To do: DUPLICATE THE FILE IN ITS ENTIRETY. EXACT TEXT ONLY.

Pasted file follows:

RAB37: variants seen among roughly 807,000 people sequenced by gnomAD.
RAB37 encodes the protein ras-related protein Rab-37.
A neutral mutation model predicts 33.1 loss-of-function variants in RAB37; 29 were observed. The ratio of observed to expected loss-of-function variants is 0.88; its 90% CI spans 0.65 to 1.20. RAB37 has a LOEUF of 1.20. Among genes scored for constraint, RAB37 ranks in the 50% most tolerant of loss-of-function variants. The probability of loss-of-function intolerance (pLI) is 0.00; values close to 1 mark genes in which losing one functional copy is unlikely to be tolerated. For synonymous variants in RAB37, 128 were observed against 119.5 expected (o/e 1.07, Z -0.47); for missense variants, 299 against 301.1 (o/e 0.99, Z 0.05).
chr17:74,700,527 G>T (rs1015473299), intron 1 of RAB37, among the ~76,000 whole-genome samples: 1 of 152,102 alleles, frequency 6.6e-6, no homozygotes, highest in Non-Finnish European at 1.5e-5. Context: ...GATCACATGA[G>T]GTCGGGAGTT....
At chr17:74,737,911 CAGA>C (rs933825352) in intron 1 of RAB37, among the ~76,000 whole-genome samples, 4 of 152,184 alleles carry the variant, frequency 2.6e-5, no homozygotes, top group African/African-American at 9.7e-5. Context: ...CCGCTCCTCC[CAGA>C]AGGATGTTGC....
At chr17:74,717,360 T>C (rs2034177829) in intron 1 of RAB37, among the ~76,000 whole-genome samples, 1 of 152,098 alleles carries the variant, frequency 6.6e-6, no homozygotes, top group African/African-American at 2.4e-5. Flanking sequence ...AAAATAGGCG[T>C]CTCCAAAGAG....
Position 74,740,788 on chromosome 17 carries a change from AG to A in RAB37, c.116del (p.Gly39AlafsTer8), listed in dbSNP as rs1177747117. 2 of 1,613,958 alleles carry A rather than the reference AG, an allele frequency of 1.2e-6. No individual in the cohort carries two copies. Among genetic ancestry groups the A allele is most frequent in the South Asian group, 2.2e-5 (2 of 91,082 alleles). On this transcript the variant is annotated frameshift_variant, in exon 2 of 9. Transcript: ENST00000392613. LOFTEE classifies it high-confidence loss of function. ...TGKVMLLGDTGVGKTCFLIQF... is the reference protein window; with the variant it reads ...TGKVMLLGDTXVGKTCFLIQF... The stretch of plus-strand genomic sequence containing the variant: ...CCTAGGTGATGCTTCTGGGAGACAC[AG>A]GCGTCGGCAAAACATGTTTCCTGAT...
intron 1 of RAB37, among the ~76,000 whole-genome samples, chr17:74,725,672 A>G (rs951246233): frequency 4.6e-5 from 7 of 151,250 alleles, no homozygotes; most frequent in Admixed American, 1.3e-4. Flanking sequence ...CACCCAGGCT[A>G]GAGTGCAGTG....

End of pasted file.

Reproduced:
RAB37: variants seen among roughly 807,000 people sequenced by gnomAD.
RAB37 encodes the protein ras-related protein Rab-37.
A neutral mutation model predicts 33.1 loss-of-function variants in RAB37; 29 were observed. The ratio of observed to expected loss-of-function variants is 0.88; its 90% CI spans 0.65 to 1.20. RAB37 has a LOEUF of 1.20. Among genes scored for constraint, RAB37 ranks in the 50% most tolerant of loss-of-function variants. The probability of loss-of-function intolerance (pLI) is 0.00; values close to 1 mark genes in which losing one functional copy is unlikely to be tolerated. For synonymous variants in RAB37, 128 were observed against 119.5 expected (o/e 1.07, Z -0.47); for missense variants, 299 against 301.1 (o/e 0.99, Z 0.05).
chr17:74,700,527 G>T (rs1015473299), intron 1 of RAB37, among the ~76,000 whole-genome samples: 1 of 152,102 alleles, frequency 6.6e-6, no homozygotes, highest in Non-Finnish European at 1.5e-5. Context: ...GATCACATGA[G>T]GTCGGGAGTT....
At chr17:74,737,911 CAGA>C (rs933825352) in intron 1 of RAB37, among the ~76,000 whole-genome samples, 4 of 152,184 alleles carry the variant, frequency 2.6e-5, no homozygotes, top group African/African-American at 9.7e-5. Context: ...CCGCTCCTCC[CAGA>C]AGGATGTTGC....
At chr17:74,717,360 T>C (rs2034177829) in intron 1 of RAB37, among the ~76,000 whole-genome samples, 1 of 152,098 alleles carries the variant, frequency 6.6e-6, no homozygotes, top group African/African-American at 2.4e-5. Flanking sequence ...AAAATAGGCG[T>C]CTCCAAAGAG....
Position 74,740,788 on chromosome 17 carries a change from AG to A in RAB37, c.116del (p.Gly39AlafsTer8), listed in dbSNP as rs1177747117. 2 of 1,613,958 alleles carry A rather than the reference AG, an allele frequency of 1.2e-6. No individual in the cohort carries two copies. Among genetic ancestry groups the A allele is most frequent in the South Asian group, 2.2e-5 (2 of 91,082 alleles). On this transcript the variant is annotated frameshift_variant, in exon 2 of 9. Transcript: ENST00000392613. LOFTEE classifies it high-confidence loss of function. ...TGKVMLLGDTGVGKTCFLIQF... is the reference protein window; with the variant it reads ...TGKVMLLGDTXVGKTCFLIQF... The stretch of plus-strand genomic sequence containing the variant: ...CCTAGGTGATGCTTCTGGGAGACAC[AG>A]GCGTCGGCAAAACATGTTTCCTGAT...
intron 1 of RAB37, among the ~76,000 whole-genome samples, chr17:74,725,672 A>G (rs951246233): frequency 4.6e-5 from 7 of 151,250 alleles, no homozygotes; most frequent in Admixed American, 1.3e-4. Flanking sequence ...CACCCAGGCT[A>G]GAGTGCAGTG....